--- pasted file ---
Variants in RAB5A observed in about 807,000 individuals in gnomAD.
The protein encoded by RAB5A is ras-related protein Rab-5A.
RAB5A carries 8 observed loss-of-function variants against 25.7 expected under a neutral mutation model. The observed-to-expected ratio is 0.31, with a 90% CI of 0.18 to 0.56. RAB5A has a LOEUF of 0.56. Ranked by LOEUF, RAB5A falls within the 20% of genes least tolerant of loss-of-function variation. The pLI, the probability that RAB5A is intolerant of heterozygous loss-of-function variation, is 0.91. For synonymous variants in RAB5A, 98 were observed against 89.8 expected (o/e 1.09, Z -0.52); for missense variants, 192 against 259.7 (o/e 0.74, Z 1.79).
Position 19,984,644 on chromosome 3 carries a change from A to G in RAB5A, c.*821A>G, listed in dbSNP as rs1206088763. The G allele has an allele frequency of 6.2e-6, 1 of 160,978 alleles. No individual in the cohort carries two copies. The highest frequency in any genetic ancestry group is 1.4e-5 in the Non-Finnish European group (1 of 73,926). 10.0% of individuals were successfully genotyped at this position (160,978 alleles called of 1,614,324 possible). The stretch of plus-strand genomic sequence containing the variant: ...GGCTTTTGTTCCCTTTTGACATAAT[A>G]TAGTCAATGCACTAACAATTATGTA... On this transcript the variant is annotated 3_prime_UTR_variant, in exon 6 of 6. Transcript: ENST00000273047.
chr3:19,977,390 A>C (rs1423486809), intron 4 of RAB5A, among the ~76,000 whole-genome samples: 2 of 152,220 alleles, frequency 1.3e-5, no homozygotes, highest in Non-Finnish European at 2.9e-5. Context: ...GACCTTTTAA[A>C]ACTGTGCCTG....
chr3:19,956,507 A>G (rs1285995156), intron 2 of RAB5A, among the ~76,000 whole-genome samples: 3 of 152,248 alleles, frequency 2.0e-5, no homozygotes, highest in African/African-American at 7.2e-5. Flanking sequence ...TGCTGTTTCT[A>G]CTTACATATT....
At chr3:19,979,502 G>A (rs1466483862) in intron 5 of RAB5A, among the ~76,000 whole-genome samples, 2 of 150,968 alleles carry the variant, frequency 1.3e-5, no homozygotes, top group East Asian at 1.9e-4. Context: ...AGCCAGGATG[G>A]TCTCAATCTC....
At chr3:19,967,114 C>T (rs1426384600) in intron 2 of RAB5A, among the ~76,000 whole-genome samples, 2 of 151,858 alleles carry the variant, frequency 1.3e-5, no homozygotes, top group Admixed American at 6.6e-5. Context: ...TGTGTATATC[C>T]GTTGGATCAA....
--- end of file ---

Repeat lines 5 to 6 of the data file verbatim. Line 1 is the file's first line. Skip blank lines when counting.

chr3:19,977,390 A>C (rs1423486809), intron 4 of RAB5A, among the ~76,000 whole-genome samples: 2 of 152,220 alleles, frequency 1.3e-5, no homozygotes, highest in Non-Finnish European at 2.9e-5. Context: ...GACCTTTTAA[A>C]ACTGTGCCTG....
chr3:19,956,507 A>G (rs1285995156), intron 2 of RAB5A, among the ~76,000 whole-genome samples: 3 of 152,248 alleles, frequency 2.0e-5, no homozygotes, highest in African/African-American at 7.2e-5. Flanking sequence ...TGCTGTTTCT[A>G]CTTACATATT....